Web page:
From here everything virtually bolts on.
4.b. I have a ’92-96 Bronco. Do I have to weld?
YES! Go take a look at your framehorns. Behind that ugly, tinny excuse for a front bumper you’ll find a bunch of ripples, known as crumple zones. Your front spring hangers will place quite a load on these as the framehorn will now be supporting at least part of the weight of the truck – something it was never meant to do. You’ll need to find a way to box these in to provide additional support. Note the crumple zones are much like a sippy straw, ie they could conceivably fold in any direction. For the purposes of your SAS this means they might not only fold UP, but could also fold SIDE to SIDE as sidehill, driving and cornering forces impose various loads on them. Point being not only do you have to plate them, but you need to run a crossmember to tie them together and help keep everything square.
I have outlined the various swaps that are of specific interest to crumple zones above, so take a good look at the pics and decide if you want to do this and/or can do this. You are technically defeating a safety feature of your vehicle here, so do so at your own risk and consult your insurance agent if you wish.
5. What’s the deal with spring perch spacing?
This is measured from center of one spring perch to the center of the other spring perch and is pretty important to your swap. There are basically two numbers you need to know here: 32” and 36.25” (approx). Any leaf sprung 4x4 from the late ‘70s will be 32”. This worked great for the framerails of that era which were essentially straight. However, if you look at the framerails of your ‘80+ Bronco when kneeling in front of the vehicle you’ll see that the framerails go in and out, particularly around the coil tower/shock tower.
’86+ (the year which Ford returned to solid axles – Dana 60s- on it’s F350s) is based upon a 36” center to center spacing to accommodate the wider, wackier frame. Note that for the most part every ’80-97 Ford truck, Bronco thru F350, used basically the same frame from the framehorns to the firewall.
*In my opinion* if you’re working with an ’80 Bronco and you want to do a leaf SAS, it is easier to use 36” spring spacing (otherwise the hangers I mentioned above will not work for you). This means if you find a donor axle with 32” spacing, you can simply move the spring perches out to the wider spacing. This what we did with Beerman’s
swap. If you are using an ‘80+ frame and want to run the 32” spacing, you will need to build a custom crossmember up front, see Bronco Boy’s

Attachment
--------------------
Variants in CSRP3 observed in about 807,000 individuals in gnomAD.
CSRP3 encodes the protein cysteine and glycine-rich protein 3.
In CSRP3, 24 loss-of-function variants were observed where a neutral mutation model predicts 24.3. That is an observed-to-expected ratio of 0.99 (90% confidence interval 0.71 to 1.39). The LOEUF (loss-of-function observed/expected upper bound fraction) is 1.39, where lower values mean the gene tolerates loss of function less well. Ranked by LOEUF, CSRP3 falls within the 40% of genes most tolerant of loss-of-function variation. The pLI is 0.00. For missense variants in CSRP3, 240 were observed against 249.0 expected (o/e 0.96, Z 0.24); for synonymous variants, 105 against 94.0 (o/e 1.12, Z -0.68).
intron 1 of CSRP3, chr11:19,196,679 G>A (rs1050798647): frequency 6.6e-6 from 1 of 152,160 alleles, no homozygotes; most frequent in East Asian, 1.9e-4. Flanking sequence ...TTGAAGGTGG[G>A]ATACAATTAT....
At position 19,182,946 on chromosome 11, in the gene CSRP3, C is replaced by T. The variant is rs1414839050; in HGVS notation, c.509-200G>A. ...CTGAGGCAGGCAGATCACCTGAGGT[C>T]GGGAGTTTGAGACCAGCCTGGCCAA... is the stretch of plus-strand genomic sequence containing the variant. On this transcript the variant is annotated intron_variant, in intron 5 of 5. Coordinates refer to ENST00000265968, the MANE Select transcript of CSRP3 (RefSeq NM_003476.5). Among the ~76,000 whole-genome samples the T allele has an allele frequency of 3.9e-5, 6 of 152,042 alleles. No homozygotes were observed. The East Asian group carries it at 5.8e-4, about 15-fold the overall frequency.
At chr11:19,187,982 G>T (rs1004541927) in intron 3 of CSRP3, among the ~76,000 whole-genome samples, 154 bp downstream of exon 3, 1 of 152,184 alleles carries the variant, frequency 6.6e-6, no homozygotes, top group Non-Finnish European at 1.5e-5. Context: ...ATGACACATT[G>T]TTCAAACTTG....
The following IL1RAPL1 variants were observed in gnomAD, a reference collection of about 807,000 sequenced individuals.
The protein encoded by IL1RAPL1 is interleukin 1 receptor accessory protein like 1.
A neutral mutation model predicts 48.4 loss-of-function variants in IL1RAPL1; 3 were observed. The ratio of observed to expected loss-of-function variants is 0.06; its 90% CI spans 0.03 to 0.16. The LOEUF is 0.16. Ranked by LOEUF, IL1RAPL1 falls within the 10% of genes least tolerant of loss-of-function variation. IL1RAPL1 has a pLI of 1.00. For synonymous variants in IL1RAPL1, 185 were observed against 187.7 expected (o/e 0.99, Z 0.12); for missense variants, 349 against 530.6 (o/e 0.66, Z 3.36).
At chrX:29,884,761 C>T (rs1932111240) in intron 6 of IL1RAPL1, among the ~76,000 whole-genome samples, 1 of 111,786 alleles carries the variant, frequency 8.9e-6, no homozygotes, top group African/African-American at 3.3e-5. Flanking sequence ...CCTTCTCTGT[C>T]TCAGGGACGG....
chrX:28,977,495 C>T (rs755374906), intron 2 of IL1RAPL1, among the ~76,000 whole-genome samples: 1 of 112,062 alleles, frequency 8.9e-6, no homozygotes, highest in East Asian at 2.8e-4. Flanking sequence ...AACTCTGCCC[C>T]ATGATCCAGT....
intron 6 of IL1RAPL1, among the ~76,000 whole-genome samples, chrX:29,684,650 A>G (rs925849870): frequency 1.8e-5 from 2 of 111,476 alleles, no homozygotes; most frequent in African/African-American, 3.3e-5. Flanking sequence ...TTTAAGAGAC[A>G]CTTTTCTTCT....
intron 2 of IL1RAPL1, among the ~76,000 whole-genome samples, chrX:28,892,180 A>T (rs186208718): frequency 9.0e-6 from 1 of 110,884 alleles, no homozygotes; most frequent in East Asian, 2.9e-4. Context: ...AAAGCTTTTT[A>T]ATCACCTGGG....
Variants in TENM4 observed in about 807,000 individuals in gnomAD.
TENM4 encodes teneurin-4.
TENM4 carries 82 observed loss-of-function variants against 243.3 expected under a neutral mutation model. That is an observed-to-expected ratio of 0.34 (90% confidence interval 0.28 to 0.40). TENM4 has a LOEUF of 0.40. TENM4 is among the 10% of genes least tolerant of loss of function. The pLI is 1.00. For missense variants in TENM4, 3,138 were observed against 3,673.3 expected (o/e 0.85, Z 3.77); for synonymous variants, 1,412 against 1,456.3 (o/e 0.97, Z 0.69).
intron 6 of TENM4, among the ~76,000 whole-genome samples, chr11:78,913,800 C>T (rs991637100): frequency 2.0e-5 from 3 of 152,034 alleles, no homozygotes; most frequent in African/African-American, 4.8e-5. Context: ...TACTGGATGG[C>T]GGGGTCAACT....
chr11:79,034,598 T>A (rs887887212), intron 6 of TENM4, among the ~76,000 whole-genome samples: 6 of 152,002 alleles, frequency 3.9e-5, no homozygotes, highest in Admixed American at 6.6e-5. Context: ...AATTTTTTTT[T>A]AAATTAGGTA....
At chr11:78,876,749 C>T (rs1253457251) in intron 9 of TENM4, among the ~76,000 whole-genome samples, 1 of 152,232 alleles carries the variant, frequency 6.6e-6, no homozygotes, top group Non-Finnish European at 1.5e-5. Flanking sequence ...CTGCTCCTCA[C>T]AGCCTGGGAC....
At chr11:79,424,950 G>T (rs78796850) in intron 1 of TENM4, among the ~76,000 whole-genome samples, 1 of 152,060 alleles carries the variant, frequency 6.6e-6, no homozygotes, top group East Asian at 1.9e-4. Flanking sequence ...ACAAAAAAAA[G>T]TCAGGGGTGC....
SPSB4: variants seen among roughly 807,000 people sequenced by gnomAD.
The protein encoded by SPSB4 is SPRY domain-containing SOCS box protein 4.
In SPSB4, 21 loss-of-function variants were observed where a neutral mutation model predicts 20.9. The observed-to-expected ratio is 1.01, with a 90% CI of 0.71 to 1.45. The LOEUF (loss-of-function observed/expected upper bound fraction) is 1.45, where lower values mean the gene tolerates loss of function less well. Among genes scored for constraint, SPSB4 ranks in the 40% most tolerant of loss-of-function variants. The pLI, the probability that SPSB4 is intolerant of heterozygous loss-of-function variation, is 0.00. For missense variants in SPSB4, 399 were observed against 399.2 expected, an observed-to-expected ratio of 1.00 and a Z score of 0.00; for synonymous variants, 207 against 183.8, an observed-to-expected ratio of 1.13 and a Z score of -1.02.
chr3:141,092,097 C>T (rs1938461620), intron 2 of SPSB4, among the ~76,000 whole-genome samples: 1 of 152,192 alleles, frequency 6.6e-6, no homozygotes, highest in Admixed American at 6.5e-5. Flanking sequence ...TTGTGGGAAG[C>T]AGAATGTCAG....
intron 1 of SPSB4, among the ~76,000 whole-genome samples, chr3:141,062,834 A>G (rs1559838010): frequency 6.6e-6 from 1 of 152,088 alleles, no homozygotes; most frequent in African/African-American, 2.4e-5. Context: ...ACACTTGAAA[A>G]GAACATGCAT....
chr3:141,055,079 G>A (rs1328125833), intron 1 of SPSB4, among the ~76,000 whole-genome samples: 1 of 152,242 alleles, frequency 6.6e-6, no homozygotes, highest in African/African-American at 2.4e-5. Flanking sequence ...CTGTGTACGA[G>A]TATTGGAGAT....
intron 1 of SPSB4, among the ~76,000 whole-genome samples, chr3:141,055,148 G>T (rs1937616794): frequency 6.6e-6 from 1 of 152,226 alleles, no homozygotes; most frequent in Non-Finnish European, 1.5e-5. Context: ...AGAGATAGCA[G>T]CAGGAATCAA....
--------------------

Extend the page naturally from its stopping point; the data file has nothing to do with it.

swap for an example of this.
You should also read this:
6. Other options for springs
: while the ‘86+ front F350 leafs work pretty well, they’re somewhat rare and can be difficult to work with or modify aside from ordering custom spring packs. A better option might be front Chevy leafs (no moaning about your short-sighted brand loyalty please) as they are readily available from the aftermarket and are 2.5” wide which might theoretically allow for more flex, but may require different spring hangers and perches. Also, they’re intended for a half-ton truck and will almost surely be softer.
Do some research if you wish, but remember most springs have unique characteristics – primarily width of the spring, center pin location, and length from eye to eye – which all affect how you build and position your spring hangers.
7. I heard all trucks with solid front axles ride rough. Won’t it be even worse if I’m running F350 front leafs?
The bottom line is this: your ride will stiffen some, yes. Is it bad? I wouldn’t say so. “It rides like a truck” is the most common conclusion from those who have completed a leaf SAS. Expect a firmer ride but a more responsive feel with a slightly crisper feel to the steering wheel and less wandering. Nonetheless, this is old-school, basic technology and it won’t handle like a sports car. However, do not go ride in a stock ‘80+ F250 or 350 and think your truck will ride so poorly because:
8. Ford put the shackle up front on ‘80+ trucks. Why did you put it at the rear?
Generally speaking a shackle mounted at the rear of your leafs will make for a smother ride. This is because 99% of the time you’re driving FORWARD at speed; as your wheel encounters bumps it must move up. As the wheel moves up the leaf spring flattens & lengthens a small amount. With a front-mounted shackle, when the spring lengthens to absorb a bump, the axle shifts forward just slightly, shoving your axle INTO the obstruction. With a rear-mounted shackle the axle swings back slightly, moving your axle away from the obstruction; a much more natural movement while driving forward.
This is only one explanation and some will disagree.
9. What is a track bar and do I need one with my leaf SAS
? In simplest terms a track bar is a rod which runs from one framerail at an angle down to your front axle. It helps to locate your front axle (or rear axle in some cases) laterally under the vehicle, ie it prevents the axle from shifting side-to-side. In most cases a track bar is not required with a leaf SAS, provided your spring hangers and shackles are strong and securely attached to the frame, along with proper u-bolts, etc. If you should find that your axle is allowed to shift side-to-side, a track bar may be required but it is unlikely at best unless you are running heavily arched lift springs, very narrow leaf springs, or Revolver shackles or similar.